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The evolution of Bumrah the Test bowler

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Jasprit_Bumrah_India_Test_CricketWhen Jasprit Bumrah injured himself during India’s tour of Ireland before the all-important series against England, there were worried reactions all around the Indian camp. A fractured finger ruled him out for the limited overs games against Ireland and England, as well as the first two Tests. His loss was felt deeply, especially at Lord’s, where the Indian seamers were unable to control their line and lengths on a wicket that had plenty for the fast bowlers. 

The fact that the duo of Mohammad Shami and Ishant Sharma conceded 197 runs in the lone innings they bowled, compared to the combined match figures of 51.2-18-124-16 that James Anderson and Stuart Broad bowled over two innings, highlighted how the services of the Ahmedabad bowler were needed. Once Bumrah returned at Trent Bridge, his zingy deliveries and yorkers constantly troubled Joe Root, who was tested with movement. He maintained a strict line throughout the match to finish with a 5-wicket haul in the second innings. From this, his importance and value to the Test side could be gauged. 

However, Indian cricket could have missed a shining star in their ranks if not for the bold decision made by Ravi Shastri and Bharat Arun way back in November 2017. Up until then, Bumrah had been stereotyped as a short format bowler, with his uncanny action and toe-crushing deliveries leading to his success. It was assumed that if Bumrah entered the Test circuit, he would have to bring more variations into his game, which could possibly lead to his downfall. However, the two coaches were convinced that the tracks in South Africa had adequate juice in them for Bumrah. With batsmen picking him late in the ODIs, there was no reason why he could be sussed out in the longest format. 

A debut worth cherishing

When Bumrah was unleashed against the Proteas, he made an immediate impact at Cape Town. He claimed AB de Villiers as his first wicket - with the batsman forced to drive a full length ball that swung in. In the second innings, Bumrah accounted for Faf du Plessis with a ball that kicked off length. Quinton de Kock fell to a delivery that climbed as it nipped back in sharply. Bumrah had well and truly arrived in Test cricket. 

He ended the series with 14 wickets in 3 games at an average of 25.21 - the second best figures by an Indian bowler who has played only a series in the nation. With 6 of those dismissals either being bowled or leg before, Bumrah’s unrelenting consistency was to be applauded. 

Despite missing two Tests in England, Bumrah ended 2018 with 48 wickets at a stunning average of 21.02 with a strike-rate of 47.4. No Indian bowler had taken as many wickets abroad in Tests in a single calendar year. No pacer had shaken the rivals with his pace, bounce and variations as much as Bumrah had. From a questionable bet in Tests to leading the pace attack within ten Tests, Bumrah has captivated the supporters whilst psychologically scarring the opposition.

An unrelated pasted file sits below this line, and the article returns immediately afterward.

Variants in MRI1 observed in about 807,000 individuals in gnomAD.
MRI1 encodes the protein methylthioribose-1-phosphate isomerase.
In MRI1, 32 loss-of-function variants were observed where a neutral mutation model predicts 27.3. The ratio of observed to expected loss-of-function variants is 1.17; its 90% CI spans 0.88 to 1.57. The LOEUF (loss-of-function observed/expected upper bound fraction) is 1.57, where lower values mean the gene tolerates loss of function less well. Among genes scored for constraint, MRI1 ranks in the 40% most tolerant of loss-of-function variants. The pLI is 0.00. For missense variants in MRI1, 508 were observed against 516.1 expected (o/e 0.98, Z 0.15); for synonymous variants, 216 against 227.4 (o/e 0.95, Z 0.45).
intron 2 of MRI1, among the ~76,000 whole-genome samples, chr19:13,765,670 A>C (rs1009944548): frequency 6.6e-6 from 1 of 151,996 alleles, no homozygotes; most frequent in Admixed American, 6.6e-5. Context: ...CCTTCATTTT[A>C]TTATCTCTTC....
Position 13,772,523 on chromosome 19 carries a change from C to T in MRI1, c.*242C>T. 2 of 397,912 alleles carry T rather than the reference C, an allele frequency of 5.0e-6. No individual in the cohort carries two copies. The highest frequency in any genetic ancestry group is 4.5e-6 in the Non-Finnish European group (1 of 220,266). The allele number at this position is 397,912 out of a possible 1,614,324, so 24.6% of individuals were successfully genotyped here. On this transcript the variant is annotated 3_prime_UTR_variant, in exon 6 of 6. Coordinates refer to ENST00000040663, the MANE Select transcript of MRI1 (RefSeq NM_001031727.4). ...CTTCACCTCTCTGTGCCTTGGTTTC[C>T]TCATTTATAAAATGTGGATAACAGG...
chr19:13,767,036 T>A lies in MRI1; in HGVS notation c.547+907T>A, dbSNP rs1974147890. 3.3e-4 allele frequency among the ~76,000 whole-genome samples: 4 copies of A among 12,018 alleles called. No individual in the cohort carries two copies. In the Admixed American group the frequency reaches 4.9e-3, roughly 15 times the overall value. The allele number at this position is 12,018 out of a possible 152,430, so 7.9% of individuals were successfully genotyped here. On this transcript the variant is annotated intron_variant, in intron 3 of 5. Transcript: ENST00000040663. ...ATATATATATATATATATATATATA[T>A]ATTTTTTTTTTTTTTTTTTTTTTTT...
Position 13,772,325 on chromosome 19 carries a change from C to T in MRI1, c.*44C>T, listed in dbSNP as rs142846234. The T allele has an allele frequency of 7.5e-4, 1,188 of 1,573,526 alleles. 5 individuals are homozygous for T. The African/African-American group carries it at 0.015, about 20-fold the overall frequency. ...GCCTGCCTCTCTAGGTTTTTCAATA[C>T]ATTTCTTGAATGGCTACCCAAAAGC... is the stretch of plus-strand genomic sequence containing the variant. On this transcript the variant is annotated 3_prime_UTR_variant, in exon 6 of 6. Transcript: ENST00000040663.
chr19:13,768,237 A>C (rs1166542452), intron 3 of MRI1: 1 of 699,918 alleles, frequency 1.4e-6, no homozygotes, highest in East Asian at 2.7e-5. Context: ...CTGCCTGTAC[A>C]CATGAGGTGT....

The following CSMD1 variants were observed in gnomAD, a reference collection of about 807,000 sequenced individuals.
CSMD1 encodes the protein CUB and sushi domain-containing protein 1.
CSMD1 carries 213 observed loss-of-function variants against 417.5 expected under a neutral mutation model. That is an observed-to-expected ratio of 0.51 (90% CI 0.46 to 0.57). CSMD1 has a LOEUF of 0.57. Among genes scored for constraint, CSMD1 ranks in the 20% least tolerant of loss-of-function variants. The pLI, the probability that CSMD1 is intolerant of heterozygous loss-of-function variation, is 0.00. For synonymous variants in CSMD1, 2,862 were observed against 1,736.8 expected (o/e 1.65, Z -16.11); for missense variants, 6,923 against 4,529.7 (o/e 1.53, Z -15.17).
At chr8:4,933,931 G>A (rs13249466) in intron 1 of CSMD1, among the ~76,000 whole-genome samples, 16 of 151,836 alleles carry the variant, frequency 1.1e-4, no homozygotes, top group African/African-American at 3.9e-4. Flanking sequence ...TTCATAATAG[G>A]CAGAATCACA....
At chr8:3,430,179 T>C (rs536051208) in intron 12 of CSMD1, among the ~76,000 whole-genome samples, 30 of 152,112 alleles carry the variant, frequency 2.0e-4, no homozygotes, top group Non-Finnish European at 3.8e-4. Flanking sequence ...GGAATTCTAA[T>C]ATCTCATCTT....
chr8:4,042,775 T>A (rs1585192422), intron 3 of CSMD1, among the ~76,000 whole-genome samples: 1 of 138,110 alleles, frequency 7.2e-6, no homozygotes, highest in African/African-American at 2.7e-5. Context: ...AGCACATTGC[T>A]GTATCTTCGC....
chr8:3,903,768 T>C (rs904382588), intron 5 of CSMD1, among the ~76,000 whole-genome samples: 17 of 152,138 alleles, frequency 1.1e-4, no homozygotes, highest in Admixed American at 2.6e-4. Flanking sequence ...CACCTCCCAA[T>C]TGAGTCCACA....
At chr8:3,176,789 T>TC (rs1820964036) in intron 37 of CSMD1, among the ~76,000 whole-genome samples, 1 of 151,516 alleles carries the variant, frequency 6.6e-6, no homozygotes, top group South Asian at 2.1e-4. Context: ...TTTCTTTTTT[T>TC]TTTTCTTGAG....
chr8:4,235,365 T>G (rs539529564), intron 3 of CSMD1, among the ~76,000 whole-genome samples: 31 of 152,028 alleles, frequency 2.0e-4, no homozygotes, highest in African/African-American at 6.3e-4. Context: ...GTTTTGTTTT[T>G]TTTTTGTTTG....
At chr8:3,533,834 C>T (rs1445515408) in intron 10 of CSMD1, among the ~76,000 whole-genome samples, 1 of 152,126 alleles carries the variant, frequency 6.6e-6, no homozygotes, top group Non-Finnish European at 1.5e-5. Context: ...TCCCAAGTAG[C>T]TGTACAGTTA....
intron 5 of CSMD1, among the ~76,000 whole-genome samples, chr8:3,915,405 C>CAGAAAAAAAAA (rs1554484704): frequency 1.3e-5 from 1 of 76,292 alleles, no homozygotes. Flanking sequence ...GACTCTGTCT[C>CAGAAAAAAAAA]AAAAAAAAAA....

This sentiment was echoed by Jos Buttler during the game at Trent Bridge: 

 

"He generates good pace with that action. Creates a different angle to what you usually face. Definitely a guy who poses some different questions to the norm. Trying to work out the balls to play and leave against him is quite tricky with his angle, but his ability still to hold it up and take it away from the right hander. He forces you to play a lot of balls with this angle and where he delivers from.”

 

In that particular game, Buttler had been set up quite wonderfully by Bumrah, eventually losing his wicket to the quick. Bumrah used his unique release position to good effect, forcing Buttler to think that the ball would dart in, only for him to see the delivery seam away. An edge and a missed chance. 

However, not one to give up, Bumrah kept bowling wide of the crease with the new ball, pitching it on length. Buttler barely survived a bowled opportunity as the ball skimmed over the stumps. Next over, a similar delivery. This time, Bumrah finally had his man. 

He finished the tour with 14 wickets, 10 less than the leading wicket-taker Anderson, but having played two Tests fewer. 

His success continues in Australia

When Michael Clarke tweeted, “In the next few months, Bumrah will be the no.1 bowler in all formats”, his impact in the recently-concluded series could be imagined. Australians are hardly the kind to dish out lavish praises on their rivals. Hence it was no small achievement to be singled out by the former Aussie skipper. 21 wickets at a jaw-dropping average of 17 with a wicket every 44.9 balls did deserve that kind of praise. 

No other Indian paceman has made the kind of impact that Bumrah made in Australia. He powered through with his unique action and fired thunderbolts. With Tests giving him more time to inflict harm with his whippy action, the ball has a larger possibility of rising up from back of a length to strike the opponent on the knuckles, helmet, chest or shoulder. While the player gets prepared to protect his body, Bumrah removes him with craft, either targeting them with 149kmph deliveries or by taking the pace off the ball. 

Shastri judged Bumrah’s talent in white-ball cricket and under Arun, Bumrah prospered into the match-winner that we know him as today. The latter worked tirelessly on his wrist position but was careful not to change his action. The wrist was forced higher and more upright even though it was far away from the body. This belief, coupled with Virat Kohli’s constant backing, has led to Bumrah becoming the stunningly effective Test bowler he is today. 



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